< Earlier Kibitzing · PAGE 3 OF 3 ·
|Mar-18-18|| ||OhioChessFan: 63...Qe8|
|Mar-18-18|| ||OhioChessFan: Hmmm, and don't ask me for tips on the basketball tournament either!|
|Mar-18-18|| ||Jack Kerouac: That rabbit running. As mentioned before..|
|Mar-18-18|| ||Octavia: i didn't see the last moves. Why didn't the Q take the p when it was on h6?|
|Mar-18-18|| ||7he5haman: <Octavia> if Qxh6 then Re7+!|
|Mar-18-18|| ||Jack Kerouac: Interesting how a K-B pawn never moves and is a crux to the whole game.|
|Mar-18-18|| ||Check It Out: <Octavia>There was a royal fork trick with Re7+|
|Mar-18-18|| ||WorstPlayerEver: After 65. Ng4 Black has winning chances.|
|Mar-18-18|| ||Octavia: thank yous!|
|Mar-18-18|| ||WorstPlayerEver: Ding missed 65... Qh4|
|Mar-18-18|| ||WorstPlayerEver: Kramnik missed 67. Nh6+|
|Mar-18-18|| ||Gypsy: < Kramnik missed 67. Nh6+ > He probably just decided against it: 67.Nh6 Kxg6 68.h8Q Qxh6 ... =|
|Mar-18-18|| ||Jack Kerouac: Even at top level chess, Fischer understood mistakes can be made.
Kramnik knows as well. That's why they're both former World Champions.|
|Mar-18-18|| ||WorstPlayerEver: <Gypsy>
Probably, but I guess both players know it's a draw anyway by now.
|Mar-18-18|| ||whiteshark: There are still legal moves to continue the game. (Gustafsson)|
|Mar-18-18|| ||chancho: Finally drawn.|
|Mar-18-18|| ||Gypsy: <WorstPlayerEver:... Probably, but I guess both players know it's a draw anyway by now. >|
I am quite a sure of that. They were fishing in muddy waters, especially big Vlad. But the water got free of all silt.
|Mar-18-18|| ||MissScarlett: Vlad won the post-mortem again. In that regard, he combines the qualities of his great predecessors, the two Ks.|
<<The main difference [with Kasparov] is that Karpov hardly ever tries to prove objective truths. Karpov's sole wish is to show his opponent that in any given position that might have occurred in the game he would have played better. I witnessed a fine example of this at this year's Las Palmas tournament. After a fairly regular draw with Ivan Morovic, Karpov, who had played the white pieces, sat down to show that he had missed some practical chances. Among the endless variations and regroupings there were certainly enough moments where Karpov could claim an edge, but the overall impression with the onlookers was that Morovic had never been in any real trouble. Having analyzed the more cautious approaches for more than an hour Karpov decided to have a go at some wilder attacking schemes. At first he was quite successful in tricking the unprepared Morovic,but gradually suitable defences for Black were found. At one point Morovic even defended so well that he got a raging counterattack. Quietly he evaluated, 'Now, I'm much better.' Karpov contemplated the position for a split second, moved a few pieces and challenged him saying, 'I'm not so sure. I play this and this and it's not easy for you.' With a resigned expression Morovic mumbled, 'Ah, I see. I'm never better.' He had finally understood.> -- Dirk Jan ten Geuzendam, Finding Bobby Fischer> Anatoly Karpov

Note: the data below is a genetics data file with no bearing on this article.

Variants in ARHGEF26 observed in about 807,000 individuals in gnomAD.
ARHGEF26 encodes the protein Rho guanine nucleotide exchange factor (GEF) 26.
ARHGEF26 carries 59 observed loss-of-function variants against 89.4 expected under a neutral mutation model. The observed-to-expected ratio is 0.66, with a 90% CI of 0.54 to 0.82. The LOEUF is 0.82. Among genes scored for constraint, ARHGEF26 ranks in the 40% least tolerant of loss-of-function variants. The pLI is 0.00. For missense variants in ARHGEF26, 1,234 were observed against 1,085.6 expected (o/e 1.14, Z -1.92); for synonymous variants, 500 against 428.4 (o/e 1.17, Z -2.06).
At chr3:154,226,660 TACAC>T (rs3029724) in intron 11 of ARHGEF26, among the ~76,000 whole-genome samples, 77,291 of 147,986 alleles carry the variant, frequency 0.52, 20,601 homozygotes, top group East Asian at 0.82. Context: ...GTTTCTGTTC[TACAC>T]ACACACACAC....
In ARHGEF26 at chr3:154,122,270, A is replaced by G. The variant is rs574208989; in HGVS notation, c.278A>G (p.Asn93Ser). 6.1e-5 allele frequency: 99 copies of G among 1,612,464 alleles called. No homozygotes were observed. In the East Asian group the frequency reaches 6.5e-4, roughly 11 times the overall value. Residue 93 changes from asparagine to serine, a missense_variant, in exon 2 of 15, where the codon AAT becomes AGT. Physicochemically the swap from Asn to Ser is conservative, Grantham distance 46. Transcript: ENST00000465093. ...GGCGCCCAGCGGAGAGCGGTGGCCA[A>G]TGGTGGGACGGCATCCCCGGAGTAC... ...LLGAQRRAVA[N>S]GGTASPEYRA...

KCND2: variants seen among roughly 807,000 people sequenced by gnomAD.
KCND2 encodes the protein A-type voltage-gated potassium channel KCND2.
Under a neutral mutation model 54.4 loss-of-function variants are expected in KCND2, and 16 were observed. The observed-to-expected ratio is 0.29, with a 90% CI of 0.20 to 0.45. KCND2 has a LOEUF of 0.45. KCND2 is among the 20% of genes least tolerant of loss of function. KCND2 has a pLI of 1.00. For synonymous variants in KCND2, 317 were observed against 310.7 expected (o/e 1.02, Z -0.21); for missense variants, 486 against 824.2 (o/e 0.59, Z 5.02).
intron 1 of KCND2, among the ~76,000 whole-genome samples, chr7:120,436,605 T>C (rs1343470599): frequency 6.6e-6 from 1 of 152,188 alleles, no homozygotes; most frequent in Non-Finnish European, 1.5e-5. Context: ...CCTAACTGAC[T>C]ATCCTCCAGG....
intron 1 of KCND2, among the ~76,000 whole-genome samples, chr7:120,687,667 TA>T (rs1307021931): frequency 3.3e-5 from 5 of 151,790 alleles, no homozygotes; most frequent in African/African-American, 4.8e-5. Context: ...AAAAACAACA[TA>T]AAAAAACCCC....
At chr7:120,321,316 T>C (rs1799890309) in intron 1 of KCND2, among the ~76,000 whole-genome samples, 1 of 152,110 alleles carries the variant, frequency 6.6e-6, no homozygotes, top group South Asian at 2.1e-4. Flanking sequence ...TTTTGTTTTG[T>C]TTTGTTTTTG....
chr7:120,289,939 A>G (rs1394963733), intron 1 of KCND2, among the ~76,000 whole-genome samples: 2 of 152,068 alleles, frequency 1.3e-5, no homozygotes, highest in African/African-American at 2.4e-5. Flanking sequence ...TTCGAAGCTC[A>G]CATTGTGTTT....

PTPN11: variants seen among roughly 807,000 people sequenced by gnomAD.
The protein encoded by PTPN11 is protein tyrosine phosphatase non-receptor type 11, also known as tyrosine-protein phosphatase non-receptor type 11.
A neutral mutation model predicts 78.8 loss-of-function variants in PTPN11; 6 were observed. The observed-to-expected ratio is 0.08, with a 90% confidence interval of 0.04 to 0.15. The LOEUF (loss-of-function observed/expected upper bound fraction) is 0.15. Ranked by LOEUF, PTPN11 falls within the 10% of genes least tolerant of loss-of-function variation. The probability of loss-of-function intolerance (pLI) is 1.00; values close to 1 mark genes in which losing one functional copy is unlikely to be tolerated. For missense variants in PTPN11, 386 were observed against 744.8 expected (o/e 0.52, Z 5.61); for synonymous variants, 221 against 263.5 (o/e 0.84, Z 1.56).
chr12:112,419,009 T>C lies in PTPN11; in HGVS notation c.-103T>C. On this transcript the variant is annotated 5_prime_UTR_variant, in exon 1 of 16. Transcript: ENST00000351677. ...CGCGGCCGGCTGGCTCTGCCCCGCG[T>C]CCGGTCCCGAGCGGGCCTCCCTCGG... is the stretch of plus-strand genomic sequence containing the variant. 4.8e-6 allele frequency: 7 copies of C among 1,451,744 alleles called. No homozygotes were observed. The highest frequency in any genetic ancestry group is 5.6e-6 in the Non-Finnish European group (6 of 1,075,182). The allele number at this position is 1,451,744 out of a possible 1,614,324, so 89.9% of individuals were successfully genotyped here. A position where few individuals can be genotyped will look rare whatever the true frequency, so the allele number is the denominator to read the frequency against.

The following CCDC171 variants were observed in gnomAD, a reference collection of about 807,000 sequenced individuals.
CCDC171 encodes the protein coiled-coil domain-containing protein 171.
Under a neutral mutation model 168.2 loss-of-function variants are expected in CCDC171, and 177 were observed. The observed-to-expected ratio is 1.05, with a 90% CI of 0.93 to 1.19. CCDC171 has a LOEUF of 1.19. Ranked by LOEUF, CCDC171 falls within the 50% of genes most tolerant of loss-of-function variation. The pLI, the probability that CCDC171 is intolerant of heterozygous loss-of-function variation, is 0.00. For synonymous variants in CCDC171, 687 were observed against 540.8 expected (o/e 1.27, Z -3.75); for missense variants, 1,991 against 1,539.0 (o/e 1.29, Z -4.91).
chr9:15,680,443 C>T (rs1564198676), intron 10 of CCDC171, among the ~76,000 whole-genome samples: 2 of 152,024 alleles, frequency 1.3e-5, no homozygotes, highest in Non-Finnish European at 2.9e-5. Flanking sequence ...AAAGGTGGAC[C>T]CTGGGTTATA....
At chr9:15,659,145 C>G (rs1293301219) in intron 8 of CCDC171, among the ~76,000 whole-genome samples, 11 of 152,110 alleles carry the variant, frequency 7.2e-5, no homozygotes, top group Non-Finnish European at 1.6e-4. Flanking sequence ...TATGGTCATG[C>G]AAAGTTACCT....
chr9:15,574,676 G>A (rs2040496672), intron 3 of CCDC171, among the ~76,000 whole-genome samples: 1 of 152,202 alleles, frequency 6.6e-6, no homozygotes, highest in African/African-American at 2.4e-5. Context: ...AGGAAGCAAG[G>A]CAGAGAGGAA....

Ding, too, was never berrer.
|Mar-18-18|| ||An Englishman: Good Afternoon: Ding Liren must feel rather frustrated right about now--no matter how hard he fights, he can't even lose, let alone win.|
Kramnik set up a great fortress with 32.Rc4! He even tried to snatch a win with 56.g4!?, but that had no chance of fooling Black. The one move that puzzles me most consists of 8.b3. New theory, perhaps? In my time, would play 8.Rb1,a5; 9.a3,Nh5; 10.b4,axb4; 11.axb4,f5; 12.b5,Ne7 with bloodthirsty complications.
|Mar-18-18|| ||Mr. Bojangles: In the press conference, Kramnik was so optimistic about his position that it was embarrassing to watch. “In fact white is much better here”, “I am completely winning here” lol. Ding kept laughing and saying “no”.|
The truth is there was never a moment when Kramnik was better, let alone winning. Ding was better for most of the game and never worse off. Carlsen had characterised Kramnik’s post game analysis as utter nonsense. I couldn’t agree more with him.
|Mar-18-18|| ||MissScarlett: < Kramnik was so optimistic about his position that it was embarrassing to watch.>|
For embarrassing, read entertaining. Why would a clash of opinions between world class players be embarrassing?
<The truth is there was never a moment when Kramnik was better, let alone winning.>
Vlad's main point was that White is strategically winning after 32.Rc3, holding onto the extra pawn:
click for larger view
No doubt, this assessment is correct unless Black succeeds in breaking up White's kingside carapace, starting with ...h5, as, I believe, Ding whispered. Kramnik will probably task Anish with demonstrating White's decisive advantage, thereby taking up several pages of the next <New In Chess>.
|Mar-18-18|| ||whiteshark: (Fun) fact: Kramnik has never lost a single game in a post-mortem analysis during his career!!|
|Mar-18-18|| ||MissScarlett: For those that remember Kramnik's safety-first approach as world champion, the way he plays now is a real treat. One can only imagine that Giri must be tearing his hair out.|
|Mar-18-18|| ||Kaspablanca: I see many Kramnik haters here:)|
|Mar-19-18|| ||ex0duz: Lol I feel sorry for ding. His games are all wild and entertaining and yet if you just look at his score you'd think he's doing a giri/leko etc|
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